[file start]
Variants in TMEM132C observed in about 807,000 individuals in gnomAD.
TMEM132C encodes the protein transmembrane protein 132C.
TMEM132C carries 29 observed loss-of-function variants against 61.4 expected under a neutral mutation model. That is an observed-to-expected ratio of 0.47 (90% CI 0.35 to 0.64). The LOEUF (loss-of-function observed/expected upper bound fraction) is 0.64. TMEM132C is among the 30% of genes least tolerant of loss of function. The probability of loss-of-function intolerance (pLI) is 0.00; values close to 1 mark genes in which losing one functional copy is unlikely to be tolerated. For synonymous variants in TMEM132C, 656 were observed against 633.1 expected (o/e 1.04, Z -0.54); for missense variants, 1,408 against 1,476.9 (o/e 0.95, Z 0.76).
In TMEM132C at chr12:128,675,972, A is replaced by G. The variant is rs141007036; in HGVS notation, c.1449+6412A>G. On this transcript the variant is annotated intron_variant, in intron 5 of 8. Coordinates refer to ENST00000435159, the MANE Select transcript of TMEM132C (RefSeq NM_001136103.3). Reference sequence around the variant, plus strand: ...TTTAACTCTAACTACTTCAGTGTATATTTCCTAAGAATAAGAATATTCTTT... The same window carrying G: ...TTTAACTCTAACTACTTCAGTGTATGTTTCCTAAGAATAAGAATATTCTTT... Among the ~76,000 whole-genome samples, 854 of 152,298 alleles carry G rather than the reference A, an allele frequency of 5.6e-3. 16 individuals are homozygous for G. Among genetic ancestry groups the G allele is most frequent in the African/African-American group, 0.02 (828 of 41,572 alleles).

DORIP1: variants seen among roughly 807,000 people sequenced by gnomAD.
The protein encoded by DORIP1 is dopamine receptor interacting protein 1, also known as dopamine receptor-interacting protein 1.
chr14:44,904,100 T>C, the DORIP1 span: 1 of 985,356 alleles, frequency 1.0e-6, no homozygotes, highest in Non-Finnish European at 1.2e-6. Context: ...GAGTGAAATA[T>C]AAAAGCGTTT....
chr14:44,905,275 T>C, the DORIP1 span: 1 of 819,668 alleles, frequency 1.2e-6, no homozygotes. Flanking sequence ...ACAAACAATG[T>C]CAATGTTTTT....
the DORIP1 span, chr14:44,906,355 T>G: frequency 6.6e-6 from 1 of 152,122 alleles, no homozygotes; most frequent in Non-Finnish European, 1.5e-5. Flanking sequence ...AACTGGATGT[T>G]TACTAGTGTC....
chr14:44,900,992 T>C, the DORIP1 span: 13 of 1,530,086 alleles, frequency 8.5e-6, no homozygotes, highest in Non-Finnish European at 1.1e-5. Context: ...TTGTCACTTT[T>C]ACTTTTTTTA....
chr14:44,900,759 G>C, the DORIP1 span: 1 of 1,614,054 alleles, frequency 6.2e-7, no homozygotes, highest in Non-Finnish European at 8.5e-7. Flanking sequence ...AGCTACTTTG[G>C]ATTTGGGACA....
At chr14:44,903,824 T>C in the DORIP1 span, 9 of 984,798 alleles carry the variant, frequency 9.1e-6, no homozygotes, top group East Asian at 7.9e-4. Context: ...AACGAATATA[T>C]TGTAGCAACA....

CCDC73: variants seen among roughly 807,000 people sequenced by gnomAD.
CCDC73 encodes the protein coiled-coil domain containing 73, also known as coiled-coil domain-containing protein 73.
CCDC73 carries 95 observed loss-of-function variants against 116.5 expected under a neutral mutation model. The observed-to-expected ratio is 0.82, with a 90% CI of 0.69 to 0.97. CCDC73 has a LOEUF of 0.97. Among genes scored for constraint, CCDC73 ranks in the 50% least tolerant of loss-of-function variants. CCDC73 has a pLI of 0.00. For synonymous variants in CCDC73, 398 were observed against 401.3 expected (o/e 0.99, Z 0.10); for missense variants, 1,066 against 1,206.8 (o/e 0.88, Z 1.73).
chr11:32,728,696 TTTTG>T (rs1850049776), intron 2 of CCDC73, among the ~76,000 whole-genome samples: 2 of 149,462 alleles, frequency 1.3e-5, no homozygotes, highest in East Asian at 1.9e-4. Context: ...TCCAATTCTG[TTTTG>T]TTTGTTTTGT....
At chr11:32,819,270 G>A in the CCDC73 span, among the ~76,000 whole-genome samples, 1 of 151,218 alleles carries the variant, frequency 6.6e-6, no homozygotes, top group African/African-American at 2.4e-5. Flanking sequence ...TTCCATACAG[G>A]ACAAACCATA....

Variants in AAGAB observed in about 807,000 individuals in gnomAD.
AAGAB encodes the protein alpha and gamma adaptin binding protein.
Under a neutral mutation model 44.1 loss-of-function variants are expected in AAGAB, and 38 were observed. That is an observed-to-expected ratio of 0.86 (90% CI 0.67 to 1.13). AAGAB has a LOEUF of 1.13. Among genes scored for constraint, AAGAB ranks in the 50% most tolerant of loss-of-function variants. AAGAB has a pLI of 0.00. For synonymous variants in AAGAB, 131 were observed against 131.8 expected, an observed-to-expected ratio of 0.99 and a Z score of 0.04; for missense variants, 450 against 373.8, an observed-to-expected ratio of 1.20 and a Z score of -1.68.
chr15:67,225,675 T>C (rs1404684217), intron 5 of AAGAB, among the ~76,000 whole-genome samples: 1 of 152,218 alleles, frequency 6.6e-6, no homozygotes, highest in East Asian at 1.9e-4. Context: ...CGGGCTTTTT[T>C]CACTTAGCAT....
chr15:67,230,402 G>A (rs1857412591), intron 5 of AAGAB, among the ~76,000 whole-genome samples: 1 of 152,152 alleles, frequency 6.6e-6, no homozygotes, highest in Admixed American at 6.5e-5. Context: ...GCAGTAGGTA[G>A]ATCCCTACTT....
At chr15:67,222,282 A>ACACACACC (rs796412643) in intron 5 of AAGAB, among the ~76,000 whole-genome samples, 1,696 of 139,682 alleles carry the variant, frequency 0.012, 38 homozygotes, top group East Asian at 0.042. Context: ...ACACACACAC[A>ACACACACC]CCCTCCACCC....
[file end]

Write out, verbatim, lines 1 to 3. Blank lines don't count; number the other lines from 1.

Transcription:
Variants in TMEM132C observed in about 807,000 individuals in gnomAD.
TMEM132C encodes the protein transmembrane protein 132C.
TMEM132C carries 29 observed loss-of-function variants against 61.4 expected under a neutral mutation model. That is an observed-to-expected ratio of 0.47 (90% CI 0.35 to 0.64). The LOEUF (loss-of-function observed/expected upper bound fraction) is 0.64. TMEM132C is among the 30% of genes least tolerant of loss of function. The probability of loss-of-function intolerance (pLI) is 0.00; values close to 1 mark genes in which losing one functional copy is unlikely to be tolerated. For synonymous variants in TMEM132C, 656 were observed against 633.1 expected (o/e 1.04, Z -0.54); for missense variants, 1,408 against 1,476.9 (o/e 0.95, Z 0.76).